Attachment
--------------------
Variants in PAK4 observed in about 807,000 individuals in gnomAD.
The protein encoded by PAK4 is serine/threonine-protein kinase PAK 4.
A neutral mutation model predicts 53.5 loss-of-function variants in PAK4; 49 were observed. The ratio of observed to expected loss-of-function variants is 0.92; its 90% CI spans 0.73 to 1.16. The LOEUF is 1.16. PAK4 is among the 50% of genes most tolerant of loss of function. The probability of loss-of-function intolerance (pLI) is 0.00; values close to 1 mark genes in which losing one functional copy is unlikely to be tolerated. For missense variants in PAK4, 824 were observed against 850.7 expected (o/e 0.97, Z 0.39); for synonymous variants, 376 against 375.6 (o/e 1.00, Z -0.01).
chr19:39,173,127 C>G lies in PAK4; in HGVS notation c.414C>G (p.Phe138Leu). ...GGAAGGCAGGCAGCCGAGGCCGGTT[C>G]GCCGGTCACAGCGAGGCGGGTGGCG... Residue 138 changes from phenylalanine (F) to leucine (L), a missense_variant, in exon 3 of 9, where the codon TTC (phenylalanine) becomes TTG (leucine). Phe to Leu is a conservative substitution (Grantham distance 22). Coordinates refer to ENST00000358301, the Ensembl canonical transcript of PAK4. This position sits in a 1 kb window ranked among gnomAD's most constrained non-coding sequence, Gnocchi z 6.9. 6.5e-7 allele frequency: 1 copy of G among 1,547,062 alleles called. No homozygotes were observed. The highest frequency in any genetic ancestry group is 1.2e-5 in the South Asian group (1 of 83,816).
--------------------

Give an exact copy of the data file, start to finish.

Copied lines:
Variants in PAK4 observed in about 807,000 individuals in gnomAD.
The protein encoded by PAK4 is serine/threonine-protein kinase PAK 4.
A neutral mutation model predicts 53.5 loss-of-function variants in PAK4; 49 were observed. The ratio of observed to expected loss-of-function variants is 0.92; its 90% CI spans 0.73 to 1.16. The LOEUF is 1.16. PAK4 is among the 50% of genes most tolerant of loss of function. The probability of loss-of-function intolerance (pLI) is 0.00; values close to 1 mark genes in which losing one functional copy is unlikely to be tolerated. For missense variants in PAK4, 824 were observed against 850.7 expected (o/e 0.97, Z 0.39); for synonymous variants, 376 against 375.6 (o/e 1.00, Z -0.01).
chr19:39,173,127 C>G lies in PAK4; in HGVS notation c.414C>G (p.Phe138Leu). ...GGAAGGCAGGCAGCCGAGGCCGGTT[C>G]GCCGGTCACAGCGAGGCGGGTGGCG... Residue 138 changes from phenylalanine (F) to leucine (L), a missense_variant, in exon 3 of 9, where the codon TTC (phenylalanine) becomes TTG (leucine). Phe to Leu is a conservative substitution (Grantham distance 22). Coordinates refer to ENST00000358301, the Ensembl canonical transcript of PAK4. This position sits in a 1 kb window ranked among gnomAD's most constrained non-coding sequence, Gnocchi z 6.9. 6.5e-7 allele frequency: 1 copy of G among 1,547,062 alleles called. No homozygotes were observed. The highest frequency in any genetic ancestry group is 1.2e-5 in the South Asian group (1 of 83,816).